Since 2012 the Luxor African Film Festival (LAFF) has been carving a niche among the most important film events on the continent.
In the seventh round — headed by screenwriter Sayed Fouad and director Azza Al-Husseini, the president and the director, respectively — the festival team managed to double their efforts and introduce numerous fringe events including photography exhibitions, seminars and a filmmaking symposium. Yet the workshops — in which some 250 young people took part this year — remain the festival’s most important and vital element.
They include the independent filmmaking workshop for young Africans founded by the Ethiopian director Haile Gerima, who gave it for five years; this year it was given by the Egyptian veteran Khairi Bishara. They also include a film direction workshop by Khaled Al-Hagar and — newly added this year — an acting workshop by Gamal Thabet, as well as workshops in mobile filmmaking, animation and photography. And they turn what remains a hub for directors from all over Africa to connect with each other into a forum for local residents of Luxor and the surrounding villages to quench their thirst for culture and creativity.
None of which is to downplay the programme, which brought together 110 films in the festival’s various sections. The long fiction feature official competition included the Tunisian filmmaker Sarra Abidi’s debut Benzine, which received the Radwan Al-Kashef prize (awarded by the Foundation of Independent Young Artists) as well as the bronze award as best artistic contribution.
Set in a remote provincial area in southern Tunisia, the film opens with a 50-year-old petrol and paraffin seller named Salem (Ali Yahyaoui) on his way home where he lives with his somewhat younger wife Halima (Sondos Belhassen). The couple have not heard from their only son Ahmad for nine months, since he left the village to attempt illegal immigration to Europe, and the action centres on their predicament. What it lacks in storyline the film makes up for in cinematic detail, however, with Salem’s buying fuel in bulk to sell to passing vehicles on the highway, a profession Salem says he was forced into after the rainfall dropped making agriculture less viable.
There is an oblique connection here with illegal immigration, since illegal immigrants are evocatively known across the Maghreb as harraqa (or harraga), meaning “burners” — a reference to the fact that they burn their identity papers and passports the better to succeed on their quest. “Benzine” is Salem’s lifeblood, but it’s how Salem’s son burns Salem: a powerful metaphor for what poverty does to Africans.
Sorrow and despair come through in Salem and Halima’s interactions from the first moment, with Belhassen managing to imbue a range of expressions including smiles with deep grief for her son, registering sadness and anger, while Yahyaoui expertly adds a sense of perplexity: the confusion of a man who wants to support his wife but doesn’t know how. The film begins and ends in this static space, with no dramatic resolution and no catharsis to speak of but with a skilful lyricism including beautiful photography, notably wide-angle views of the forbidding landscape, which emphasises the sense of loneliness and loss.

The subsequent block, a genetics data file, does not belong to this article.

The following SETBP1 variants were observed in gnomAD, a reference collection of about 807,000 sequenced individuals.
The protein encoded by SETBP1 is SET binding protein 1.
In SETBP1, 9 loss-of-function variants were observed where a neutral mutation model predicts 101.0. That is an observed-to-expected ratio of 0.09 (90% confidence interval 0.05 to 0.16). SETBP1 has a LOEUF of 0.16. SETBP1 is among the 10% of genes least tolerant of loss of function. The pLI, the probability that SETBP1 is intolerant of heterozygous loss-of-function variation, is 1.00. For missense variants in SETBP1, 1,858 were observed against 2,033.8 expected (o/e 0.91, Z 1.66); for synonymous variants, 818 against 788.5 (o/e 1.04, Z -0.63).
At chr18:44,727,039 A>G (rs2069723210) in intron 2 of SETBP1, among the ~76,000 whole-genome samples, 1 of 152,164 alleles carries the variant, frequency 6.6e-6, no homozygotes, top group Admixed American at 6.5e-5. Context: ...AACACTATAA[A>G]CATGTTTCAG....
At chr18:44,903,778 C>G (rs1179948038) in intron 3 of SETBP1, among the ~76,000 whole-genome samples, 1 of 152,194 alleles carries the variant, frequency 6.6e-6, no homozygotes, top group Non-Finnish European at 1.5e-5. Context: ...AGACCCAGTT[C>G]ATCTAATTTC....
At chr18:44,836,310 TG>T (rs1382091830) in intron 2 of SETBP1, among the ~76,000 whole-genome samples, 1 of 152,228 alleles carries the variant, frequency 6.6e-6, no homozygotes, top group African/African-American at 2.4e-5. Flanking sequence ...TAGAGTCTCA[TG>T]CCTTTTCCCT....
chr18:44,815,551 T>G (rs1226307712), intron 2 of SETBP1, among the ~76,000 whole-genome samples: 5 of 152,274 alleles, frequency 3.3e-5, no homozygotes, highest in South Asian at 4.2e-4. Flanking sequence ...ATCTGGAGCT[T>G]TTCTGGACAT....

Also in competition was the Tanzanian film T-Junction by Amil Shivji, which opens with the funeral of the heroine’s father. Fatima (Hawa Ali) and her mother are waiting on neighbours and friends who have come to pay their respects, and their relationship seems dry and strained. When Fatima develops a fever and visits the hospital, a trip during which she will also pick up her father’s death certificate from the adjoining coroner’s, she meets Maria (Magdalena Chersopher), who sells tea and snacks to pedlars with her own mother at T-Junction, and has come to the hospital with injuries on her forehead and arm. Thus the T-junction of the title: in flashbacks with narration, Maria tells Fatima her enthralling story; and at the end of the film Fatima decides to go to T-Junction to find out if Maria was telling the truth.
The Ghanian film Keteke, Peter Sedufia’s cinematic debut, which won the silver, special jury prize, is set in 1980 when an irregular railway service was the only means of transport in Ghana. It is the story of a couple, Boi (Adjetey Anang) and Atwei (Lydia Forson), with Atwei in the last days of her pregnancy. As they attempt to make the journey to Atwei’s mother’s where the young mother and her child will be better looked after, the train is delayed and Boi decides they should walk to the next station — perhaps the only weak link in the drama — and so the comedy begins.